Spoon has anchored down in their hometown of Austin, Texas for SXSW 2017, doing a three-night residency at The Main, formerly and famously known as Eno’s. Their performances are in the lead up to their new release and ninth album, Hot Thoughts, out March 17th. We were fortunate enough to be able to sit down with lead singer and guitarist, Britt Daniel and talk about their new album and how it came to be.
How does it feel to be playing a residency and a lot more intimate shows than you’re used to doing?
Well a lot of things go through my head, Max. Well, it’s pretty remarkable to be back in that room where I spent so much of my youth, at Emo’s. That’s awesome. My favourite SXSW’s have been when we played too many times. You get into this rhythm where….muscle memory does take over, but on a week like this it does become more second nature. I like the process. There was a year where Divine Fits played 13 times, and Spoon played maybe 10 times 2 years ago. And I think, including my solo shows, I’m playing 10 or 11 times this week.
I have fun.
I figure you’re playing a lot of these new songs to an audience for the first time live, what do you think about the crowd reaction and how has it been testing them out?
It’s been good, you can definitely tell the songs that they’ve heard, because Hot Thoughts came out as an instant grad or whatever, and “Can I Sit” is out, and I guess some people have heard “I Ain’t The One” because we did it on TV and it was on a TV show. So you see the difference in crowd reaction, but it seems even if they don’t know the songs they are paying attention.
What was the process in figuring out your album artwork, because it’s really cool, it’s beautiful. Where did that come from?
It was a watercolour that a friend of mine did – I didn’t even know she was an artist, she was a friend so I followed her on Instagram and last summer or so that image came up on her Instagram and I said, “That looks like a record cover, that’s awesome.” So I screen-shotted it, I saved it, I saved maybe 100 images that way. When the record was done and we were trying to figure out the title and all that…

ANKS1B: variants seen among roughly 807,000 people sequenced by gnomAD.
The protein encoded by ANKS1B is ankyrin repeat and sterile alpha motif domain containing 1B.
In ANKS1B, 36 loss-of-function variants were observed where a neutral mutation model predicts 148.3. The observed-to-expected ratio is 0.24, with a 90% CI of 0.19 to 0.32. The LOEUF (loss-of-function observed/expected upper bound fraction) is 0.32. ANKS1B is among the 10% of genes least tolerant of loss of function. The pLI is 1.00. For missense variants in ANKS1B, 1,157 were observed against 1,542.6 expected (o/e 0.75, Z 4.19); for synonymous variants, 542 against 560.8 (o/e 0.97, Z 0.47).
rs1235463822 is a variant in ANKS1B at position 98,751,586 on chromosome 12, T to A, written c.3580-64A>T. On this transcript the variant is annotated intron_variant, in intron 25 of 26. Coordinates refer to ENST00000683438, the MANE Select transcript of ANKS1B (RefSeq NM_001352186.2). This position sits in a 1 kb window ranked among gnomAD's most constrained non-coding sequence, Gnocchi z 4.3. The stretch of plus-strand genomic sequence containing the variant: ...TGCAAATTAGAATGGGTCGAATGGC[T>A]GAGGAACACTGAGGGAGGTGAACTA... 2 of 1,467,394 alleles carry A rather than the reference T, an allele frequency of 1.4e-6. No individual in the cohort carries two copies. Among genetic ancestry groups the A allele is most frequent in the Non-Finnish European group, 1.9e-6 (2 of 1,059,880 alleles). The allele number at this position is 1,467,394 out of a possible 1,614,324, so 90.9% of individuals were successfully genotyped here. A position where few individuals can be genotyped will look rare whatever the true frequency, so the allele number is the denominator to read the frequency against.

I noticed the head is red and thought that must tie into the idea of a ‘hot thought’ in some way.
Yeah yeah, it kind of all seemed to fall in to place because I was liking Hot Thoughts as album title and then I came back to that image again and saw all these colours swirling around in the head and I was like, “Those are the thoughts. There we go!”
So that’s what a ‘hot thought’ is, the swirling thoughts in your head?
Maybe a little more, slightly more PG13 than that, but you know, that song is specifically about about…lust for fuss.
I know you guys took a for year break between Transference (2010) and They Want My Soul (2014), and you guys took three years between They Want My Soul and Hot Thoughts (2017) now, what have you been up to in that time?
Well, it’s really been more like two and a half years. We toured like crazy, and I was writing while we were doing the second half of the touring. I went to Melbourne and lived for a month, and that’s where I started writing a bunch of the songs. So all of 2015 we were still doing shows but I was writing the whole time, and then in 2016 we made the record. It’s just a long process.
It really isn’t that big of a chunk of time.
Oh I didn’t have any time off. I mean I went to Melbourne and that was in a way a vacation, but a working vacation, you know?